Color preference is an important aspect of visual experience, but little is known about why people in general like some colors more than others. Previous research suggested explanations based on biological adaptations [Hurlbert AC, Ling YL (2007) Curr Biol 17:623-625] and color-emotions [Ou L-C, Luo MR, Woodcock A, Wright A (2004) Color Res Appl 29:381-389]. In this article we articulate an ecological valence theory in which color preferences arise from people's average affective responses to color-associated objects. An empirical test provides strong support for this theory: People like colors strongly associated with objects they like (e.g., blues with clear skies and clean water) and dislike colors strongly associated with objects they dislike (e.g., browns with feces and rotten food). Relative to alternative theories, the ecological valence theory both fits the data better (even with fewer free parameters) and provides a more plausible, comprehensive causal explanation of color preferences.

  7. Valence-bond quantum Monte Carlo algorithms defined on trees. (United States)

    Deschner, Andreas; Sørensen, Erik S


    We present a class of algorithms for performing valence-bond quantum Monte Carlo of quantum spin models. Valence-bond quantum Monte Carlo is a projective T=0 Monte Carlo method based on sampling of a set of operator strings that can be viewed as forming a treelike structure. The algorithms presented here utilize the notion of a worm that moves up and down this tree and changes the associated operator string. In quite general terms, we derive a set of equations whose solutions correspond to a whole class of algorithms. As specific examples of this class of algorithms, we focus on two cases. The bouncing worm algorithm, for which updates are always accepted by allowing the worm to bounce up and down the tree, and the driven worm algorithm, where a single parameter controls how far up the tree the worm reaches before turning around. The latter algorithm involves only a single bounce where the worm turns from going up the tree to going down. The presence of the control parameter necessitates the introduction of an acceptance probability for the update.

  8. The effects of colour and valence on news evaluation. (United States)

    Kaspar, Kai; Grümmer, Melanie; Kießler, Antje; Neuß, Celina; Schröter, Franziska


    Research across different fields of psychology has reported effects of colour cues on a variety of cognitive processes. Especially, the colour red has been shown to have striking influences. In the context of media reception, however, colour effects have been widely neglected so far. This study made a first step in this direction by investigating the effects of the colour red (compared with blue and grey) on the way news articles are evaluated. Two types of news were framed by a coloured border while the valence of the news content additionally varied. Based on 369 participants who read and evaluated the news articles online, we observed effects for colour cues and news valence in the absence of an interaction effect, indicating that the colour red induced approach motivation. However, only the contrast between red and grey reached statistical significance, indicating that chromatic and achromatic colours may differ in their perceived visual saliency. Overall, these results provide an important complement to previous studies and have practical implications for media researchers and producers. © 2015 International Union of Psychological Science.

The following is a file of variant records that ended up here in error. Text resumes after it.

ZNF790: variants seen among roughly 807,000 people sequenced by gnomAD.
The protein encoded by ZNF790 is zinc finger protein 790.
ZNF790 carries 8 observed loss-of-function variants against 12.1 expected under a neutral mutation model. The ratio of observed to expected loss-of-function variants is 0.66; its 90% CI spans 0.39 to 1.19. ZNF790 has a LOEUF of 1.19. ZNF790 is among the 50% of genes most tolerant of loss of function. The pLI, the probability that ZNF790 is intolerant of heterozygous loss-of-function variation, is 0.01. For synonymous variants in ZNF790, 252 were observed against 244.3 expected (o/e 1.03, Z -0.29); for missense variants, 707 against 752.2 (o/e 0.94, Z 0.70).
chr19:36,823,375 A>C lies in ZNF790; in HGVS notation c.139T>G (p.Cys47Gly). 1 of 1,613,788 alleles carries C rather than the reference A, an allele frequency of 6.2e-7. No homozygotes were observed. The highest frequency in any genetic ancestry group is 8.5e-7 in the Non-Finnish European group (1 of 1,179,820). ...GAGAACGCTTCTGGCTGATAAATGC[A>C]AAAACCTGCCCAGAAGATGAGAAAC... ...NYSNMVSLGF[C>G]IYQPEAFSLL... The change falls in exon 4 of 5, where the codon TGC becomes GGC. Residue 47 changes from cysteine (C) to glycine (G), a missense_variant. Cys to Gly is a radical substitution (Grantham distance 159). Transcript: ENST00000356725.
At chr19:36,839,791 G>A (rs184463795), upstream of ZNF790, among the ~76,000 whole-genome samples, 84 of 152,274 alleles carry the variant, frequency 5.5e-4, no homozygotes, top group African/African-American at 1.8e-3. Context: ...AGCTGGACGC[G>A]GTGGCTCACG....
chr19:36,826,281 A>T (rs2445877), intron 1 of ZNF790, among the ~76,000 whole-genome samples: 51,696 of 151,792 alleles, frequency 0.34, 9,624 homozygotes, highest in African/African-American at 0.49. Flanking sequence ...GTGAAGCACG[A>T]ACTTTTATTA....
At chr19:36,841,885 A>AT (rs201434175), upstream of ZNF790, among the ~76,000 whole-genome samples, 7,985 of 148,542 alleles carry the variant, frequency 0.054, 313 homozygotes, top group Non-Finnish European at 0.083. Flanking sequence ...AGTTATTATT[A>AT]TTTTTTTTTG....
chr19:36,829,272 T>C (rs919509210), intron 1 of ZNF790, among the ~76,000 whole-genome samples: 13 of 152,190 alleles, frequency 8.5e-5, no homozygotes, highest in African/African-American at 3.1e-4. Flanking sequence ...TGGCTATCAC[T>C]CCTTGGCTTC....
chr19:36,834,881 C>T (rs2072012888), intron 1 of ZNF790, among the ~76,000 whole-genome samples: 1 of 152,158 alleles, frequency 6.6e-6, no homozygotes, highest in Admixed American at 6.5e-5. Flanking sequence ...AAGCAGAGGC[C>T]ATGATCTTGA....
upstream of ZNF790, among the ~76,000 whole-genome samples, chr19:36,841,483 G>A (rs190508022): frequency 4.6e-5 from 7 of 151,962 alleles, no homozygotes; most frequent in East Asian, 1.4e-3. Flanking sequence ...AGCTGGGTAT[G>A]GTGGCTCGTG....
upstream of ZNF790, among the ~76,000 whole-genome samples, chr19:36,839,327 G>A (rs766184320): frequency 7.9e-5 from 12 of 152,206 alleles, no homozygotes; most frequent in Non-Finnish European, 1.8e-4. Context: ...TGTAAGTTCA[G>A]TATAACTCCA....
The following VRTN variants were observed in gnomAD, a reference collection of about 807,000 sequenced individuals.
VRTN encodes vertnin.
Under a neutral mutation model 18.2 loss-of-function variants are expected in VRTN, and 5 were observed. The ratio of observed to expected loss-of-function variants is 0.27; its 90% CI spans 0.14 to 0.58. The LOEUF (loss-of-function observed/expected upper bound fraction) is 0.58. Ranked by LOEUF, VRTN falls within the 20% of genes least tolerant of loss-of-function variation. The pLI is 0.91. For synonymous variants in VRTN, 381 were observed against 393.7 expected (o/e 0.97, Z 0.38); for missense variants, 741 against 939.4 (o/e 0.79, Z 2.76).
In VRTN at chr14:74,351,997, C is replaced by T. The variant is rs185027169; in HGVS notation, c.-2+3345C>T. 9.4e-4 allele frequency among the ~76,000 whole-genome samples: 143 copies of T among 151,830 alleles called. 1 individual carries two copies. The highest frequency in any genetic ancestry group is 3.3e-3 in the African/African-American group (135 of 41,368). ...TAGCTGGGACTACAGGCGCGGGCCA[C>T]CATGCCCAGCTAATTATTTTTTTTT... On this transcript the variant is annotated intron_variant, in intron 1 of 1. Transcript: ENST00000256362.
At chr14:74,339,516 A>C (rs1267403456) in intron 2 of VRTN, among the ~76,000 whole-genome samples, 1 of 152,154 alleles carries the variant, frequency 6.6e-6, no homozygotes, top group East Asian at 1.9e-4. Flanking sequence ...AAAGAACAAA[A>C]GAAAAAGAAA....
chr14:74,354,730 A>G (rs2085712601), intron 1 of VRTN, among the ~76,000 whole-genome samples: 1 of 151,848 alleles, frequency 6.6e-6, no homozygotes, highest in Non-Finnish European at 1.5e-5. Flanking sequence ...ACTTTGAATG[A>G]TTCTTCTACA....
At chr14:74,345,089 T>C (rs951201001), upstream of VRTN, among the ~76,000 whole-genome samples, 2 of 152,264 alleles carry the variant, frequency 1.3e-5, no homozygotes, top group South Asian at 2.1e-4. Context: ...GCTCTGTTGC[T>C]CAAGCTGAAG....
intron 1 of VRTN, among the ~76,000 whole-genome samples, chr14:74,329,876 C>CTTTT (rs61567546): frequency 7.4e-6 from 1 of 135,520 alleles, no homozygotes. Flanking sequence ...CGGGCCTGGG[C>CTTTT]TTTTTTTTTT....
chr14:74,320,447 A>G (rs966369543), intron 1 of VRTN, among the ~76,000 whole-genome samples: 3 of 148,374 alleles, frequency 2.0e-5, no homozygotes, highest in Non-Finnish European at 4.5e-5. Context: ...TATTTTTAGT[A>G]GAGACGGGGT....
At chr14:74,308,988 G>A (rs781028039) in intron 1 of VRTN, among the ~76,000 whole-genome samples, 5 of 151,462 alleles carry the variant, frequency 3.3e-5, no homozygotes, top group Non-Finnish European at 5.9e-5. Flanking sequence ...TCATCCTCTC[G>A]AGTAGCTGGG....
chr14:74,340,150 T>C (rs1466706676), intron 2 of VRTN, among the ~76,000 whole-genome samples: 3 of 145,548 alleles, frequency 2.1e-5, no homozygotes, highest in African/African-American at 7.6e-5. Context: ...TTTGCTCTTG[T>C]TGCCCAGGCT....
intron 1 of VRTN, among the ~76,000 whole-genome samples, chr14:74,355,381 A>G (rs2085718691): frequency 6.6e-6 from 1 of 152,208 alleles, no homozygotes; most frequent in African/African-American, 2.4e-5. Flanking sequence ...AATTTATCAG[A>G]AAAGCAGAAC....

9. Emotional valence contributes to music-induced analgesia. (United States)

    Roy, Mathieu; Peretz, Isabelle; Rainville, Pierre


    The capacity of music to soothe pain has been used in many traditional forms of medicine. Yet, the mechanisms underlying these effects have not been demonstrated. Here, we examine the possibility that the modulatory effect of music on pain is mediated by the valence (pleasant-unpleasant dimension) of the emotions induced. We report the effects of listening to pleasant and unpleasant music on thermal pain in healthy human volunteers. Eighteen participants evaluated the warmth or pain induced by 40.0, 45.5, 47.0 and 48.5 degrees C thermal stimulations applied to the skin of their forearm while listening to pleasant and unpleasant musical excerpts matched for their high level of arousal (relaxing-stimulating dimension). Compared to a silent control condition, only the pleasant excerpts produced highly significant reductions in both pain intensity and unpleasantness, demonstrating the effect of positive emotions induced by music on pain (Pairwise contrasts with silence: p'semotional valence contributes to music-induced analgesia. These findings call for the integration of music to current methods of pain control.